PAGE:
One of the cons FQHCs may face in implementing the APM is the need to adapt to new administrative requirements such as data and quality reporting that might need time-consuming and costly investments in new systems and processes.

“APMs often rely heavily on data and IT infrastructure to calculate payments and measure performance,” LaChapelle said. “Providers may need to invest in new technology or upgrade their existing systems to meet the data requirements of the APM.”

Those investments are necessary because of the financial risk to providers because APM payments are often tied to quality performance and other metrics.

“Providers may need to adjust their operations and workflows to ensure they are providing high-quality, efficient care in order to maximize their reimbursement under the APM,” LaChapelle said.

Another requirement of the APM is to meet certain quality metrics in categories outlined in the pilot program, such as prevention, access to care, and behavioral health integration. Meeting the metrics should be easy, however, as they are already standardized across community health centers.

“The metrics are similar to current plan HEDIS (Healthcare Effectiveness Data and Information Set) and quality measures that we are already being held accountable to by the plans, so we do not anticipate that this will be an issue,” Lambert said.

Evolving Plan

Because the FQHC APM is launching as a pilot program in select health centers, it has the advantage of being a plan that can evolve and adapt to challenges with changes.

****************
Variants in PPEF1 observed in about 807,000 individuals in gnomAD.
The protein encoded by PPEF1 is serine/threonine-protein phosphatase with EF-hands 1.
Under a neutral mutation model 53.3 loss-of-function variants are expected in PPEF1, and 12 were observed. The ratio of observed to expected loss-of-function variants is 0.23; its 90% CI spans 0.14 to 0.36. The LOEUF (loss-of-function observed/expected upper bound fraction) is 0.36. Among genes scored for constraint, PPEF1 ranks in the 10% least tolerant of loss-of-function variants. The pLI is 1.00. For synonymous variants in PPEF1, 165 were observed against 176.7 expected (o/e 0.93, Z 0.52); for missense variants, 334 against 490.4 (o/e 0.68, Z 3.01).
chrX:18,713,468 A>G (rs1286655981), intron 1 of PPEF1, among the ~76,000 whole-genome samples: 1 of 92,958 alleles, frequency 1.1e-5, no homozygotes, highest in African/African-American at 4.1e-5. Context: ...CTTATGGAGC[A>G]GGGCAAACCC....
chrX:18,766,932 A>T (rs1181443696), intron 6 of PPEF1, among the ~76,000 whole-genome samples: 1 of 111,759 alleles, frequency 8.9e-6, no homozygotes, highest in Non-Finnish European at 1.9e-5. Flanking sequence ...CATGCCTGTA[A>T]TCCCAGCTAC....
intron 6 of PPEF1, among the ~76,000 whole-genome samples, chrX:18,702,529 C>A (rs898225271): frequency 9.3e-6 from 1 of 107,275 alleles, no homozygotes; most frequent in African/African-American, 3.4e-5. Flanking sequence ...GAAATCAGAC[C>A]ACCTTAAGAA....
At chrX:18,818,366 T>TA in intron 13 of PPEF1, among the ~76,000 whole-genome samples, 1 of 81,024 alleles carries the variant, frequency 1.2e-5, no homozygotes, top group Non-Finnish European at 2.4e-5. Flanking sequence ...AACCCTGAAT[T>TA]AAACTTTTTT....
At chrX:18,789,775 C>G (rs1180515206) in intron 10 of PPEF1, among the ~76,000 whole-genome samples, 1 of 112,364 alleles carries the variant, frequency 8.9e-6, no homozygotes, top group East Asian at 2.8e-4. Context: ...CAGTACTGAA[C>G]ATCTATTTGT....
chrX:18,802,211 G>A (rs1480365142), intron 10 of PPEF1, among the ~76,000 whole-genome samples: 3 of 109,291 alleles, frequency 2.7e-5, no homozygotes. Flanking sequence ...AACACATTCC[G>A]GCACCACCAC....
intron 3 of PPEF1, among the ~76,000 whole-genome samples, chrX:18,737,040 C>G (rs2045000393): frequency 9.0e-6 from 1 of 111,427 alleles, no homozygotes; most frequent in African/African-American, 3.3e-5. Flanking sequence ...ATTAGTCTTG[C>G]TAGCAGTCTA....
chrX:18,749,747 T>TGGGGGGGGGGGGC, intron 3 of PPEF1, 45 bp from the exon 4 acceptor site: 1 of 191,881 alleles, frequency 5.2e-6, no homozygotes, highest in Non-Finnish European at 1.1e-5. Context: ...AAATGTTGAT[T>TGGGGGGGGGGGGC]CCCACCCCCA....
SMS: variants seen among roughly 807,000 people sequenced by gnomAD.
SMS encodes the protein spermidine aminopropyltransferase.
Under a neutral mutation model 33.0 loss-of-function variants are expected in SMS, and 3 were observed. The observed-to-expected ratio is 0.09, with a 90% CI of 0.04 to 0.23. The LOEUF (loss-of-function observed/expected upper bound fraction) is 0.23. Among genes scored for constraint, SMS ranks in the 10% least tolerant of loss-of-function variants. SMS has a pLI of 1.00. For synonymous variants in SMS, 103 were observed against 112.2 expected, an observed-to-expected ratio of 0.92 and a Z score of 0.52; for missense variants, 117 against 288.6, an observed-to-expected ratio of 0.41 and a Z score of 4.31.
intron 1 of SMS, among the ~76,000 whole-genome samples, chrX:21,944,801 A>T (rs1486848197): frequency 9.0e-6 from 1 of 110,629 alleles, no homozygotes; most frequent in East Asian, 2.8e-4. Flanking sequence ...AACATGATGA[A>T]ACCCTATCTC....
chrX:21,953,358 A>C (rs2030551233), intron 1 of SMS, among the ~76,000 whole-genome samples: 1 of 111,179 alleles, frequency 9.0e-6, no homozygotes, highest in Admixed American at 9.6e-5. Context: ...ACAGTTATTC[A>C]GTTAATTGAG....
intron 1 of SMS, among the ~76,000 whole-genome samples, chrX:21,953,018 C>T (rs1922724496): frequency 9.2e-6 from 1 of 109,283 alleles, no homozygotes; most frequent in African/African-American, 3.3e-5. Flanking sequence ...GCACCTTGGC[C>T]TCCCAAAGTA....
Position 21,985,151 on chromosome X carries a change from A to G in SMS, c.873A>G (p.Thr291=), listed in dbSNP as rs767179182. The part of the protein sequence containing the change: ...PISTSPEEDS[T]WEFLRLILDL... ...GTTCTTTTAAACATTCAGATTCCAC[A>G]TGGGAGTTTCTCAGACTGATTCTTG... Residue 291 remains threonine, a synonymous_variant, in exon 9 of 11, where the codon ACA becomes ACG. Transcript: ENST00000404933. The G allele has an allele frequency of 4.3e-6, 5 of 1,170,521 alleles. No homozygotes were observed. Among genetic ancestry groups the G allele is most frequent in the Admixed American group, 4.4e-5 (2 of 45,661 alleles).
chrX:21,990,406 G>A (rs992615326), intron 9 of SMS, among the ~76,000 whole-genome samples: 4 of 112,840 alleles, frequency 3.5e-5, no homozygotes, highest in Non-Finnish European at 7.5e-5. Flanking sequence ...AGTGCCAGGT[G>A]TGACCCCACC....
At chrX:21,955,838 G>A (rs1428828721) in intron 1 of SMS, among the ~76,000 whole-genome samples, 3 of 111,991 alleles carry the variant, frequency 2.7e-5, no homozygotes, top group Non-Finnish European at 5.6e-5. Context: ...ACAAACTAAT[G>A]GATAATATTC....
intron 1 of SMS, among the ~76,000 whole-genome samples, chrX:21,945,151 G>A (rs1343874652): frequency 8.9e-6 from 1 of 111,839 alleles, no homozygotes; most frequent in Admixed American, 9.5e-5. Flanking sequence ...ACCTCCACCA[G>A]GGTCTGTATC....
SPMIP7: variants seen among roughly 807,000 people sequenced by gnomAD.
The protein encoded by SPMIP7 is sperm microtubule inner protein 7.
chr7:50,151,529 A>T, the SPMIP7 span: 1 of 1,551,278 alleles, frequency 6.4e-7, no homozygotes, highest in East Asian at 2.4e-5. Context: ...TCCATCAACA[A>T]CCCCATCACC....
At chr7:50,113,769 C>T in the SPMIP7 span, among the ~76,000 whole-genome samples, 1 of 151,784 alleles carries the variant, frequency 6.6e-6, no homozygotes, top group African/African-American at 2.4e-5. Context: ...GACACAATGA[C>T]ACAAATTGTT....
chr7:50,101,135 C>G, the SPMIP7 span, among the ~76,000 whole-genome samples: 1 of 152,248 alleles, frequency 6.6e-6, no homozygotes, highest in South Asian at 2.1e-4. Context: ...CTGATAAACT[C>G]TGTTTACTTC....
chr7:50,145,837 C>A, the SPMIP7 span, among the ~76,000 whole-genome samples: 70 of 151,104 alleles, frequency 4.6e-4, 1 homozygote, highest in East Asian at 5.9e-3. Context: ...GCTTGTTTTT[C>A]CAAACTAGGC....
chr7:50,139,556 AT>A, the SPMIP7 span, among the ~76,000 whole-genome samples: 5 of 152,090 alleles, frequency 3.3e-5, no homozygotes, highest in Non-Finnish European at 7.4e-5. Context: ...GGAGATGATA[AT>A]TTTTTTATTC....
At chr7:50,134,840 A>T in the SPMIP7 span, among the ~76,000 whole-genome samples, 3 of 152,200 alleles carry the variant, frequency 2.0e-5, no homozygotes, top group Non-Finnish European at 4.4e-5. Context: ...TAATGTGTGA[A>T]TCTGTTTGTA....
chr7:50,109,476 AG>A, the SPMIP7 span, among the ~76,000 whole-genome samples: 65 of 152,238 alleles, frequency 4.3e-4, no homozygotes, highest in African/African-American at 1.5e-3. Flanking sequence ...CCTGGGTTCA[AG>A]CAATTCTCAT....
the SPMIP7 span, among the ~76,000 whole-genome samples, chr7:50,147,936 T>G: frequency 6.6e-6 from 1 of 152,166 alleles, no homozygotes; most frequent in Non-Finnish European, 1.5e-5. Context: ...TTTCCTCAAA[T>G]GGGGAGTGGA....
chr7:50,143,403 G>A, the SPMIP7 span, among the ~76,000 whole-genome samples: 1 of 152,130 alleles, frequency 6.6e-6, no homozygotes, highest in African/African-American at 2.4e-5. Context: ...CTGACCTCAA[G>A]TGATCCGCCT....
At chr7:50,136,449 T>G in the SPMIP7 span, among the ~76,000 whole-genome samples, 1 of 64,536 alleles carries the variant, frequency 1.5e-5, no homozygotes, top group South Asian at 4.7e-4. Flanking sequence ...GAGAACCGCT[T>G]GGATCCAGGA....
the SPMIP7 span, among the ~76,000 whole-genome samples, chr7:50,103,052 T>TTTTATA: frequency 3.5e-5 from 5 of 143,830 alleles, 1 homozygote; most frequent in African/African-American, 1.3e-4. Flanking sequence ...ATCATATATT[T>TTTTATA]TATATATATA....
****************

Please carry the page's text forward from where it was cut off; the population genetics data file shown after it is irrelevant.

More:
“A leading feature of this new system is our collaborative approach with the California Primary Care Association and the Department of Health Care Services to identify program benchmarks and goals appropriately,” White said. “Collaboration is critical to innovative change in health care. TrueCare is proud to work alongside the state to ensure residents receive the best care possible. This work allows us to advocate for our patients and diverse communities at the state level.”

LaChapelle said the “real test” of the APM will happen when the health centers selected to pilot the program encounter issues and find if those issues can be “addressed and mitigated to perfect the model.”

He also suggested that potential ways to improve the APM would be to incorporate other payment alternatives into the model, such as bundled payments where healthcare providers are paid a single payment for all of the services associated with a particular episode of care; telehealth payments that reimburse healthcare providers for delivering care via telemedicine; and Patient-Centered Medical Home payments that reward healthcare providers for delivering care in a patient-centered medical home model.

In addition to these payment alternatives, LaChapelle also suggested several changes that could be made to the APM to improve care and efficiency for health clinics.

“For example, the APM could be revised to better align payment incentives with the goals of improving care quality, reducing costs, and increasing access to care. The APM could also be simplified and made more transparent, so that healthcare providers can better understand how payments are calculated and what is expected of them in terms of quality reporting and other administrative requirements. Finally, the APM could be integrated with other healthcare reforms, such as electronic health records and population health management, to create a more seamless and coordinated healthcare system,” he said.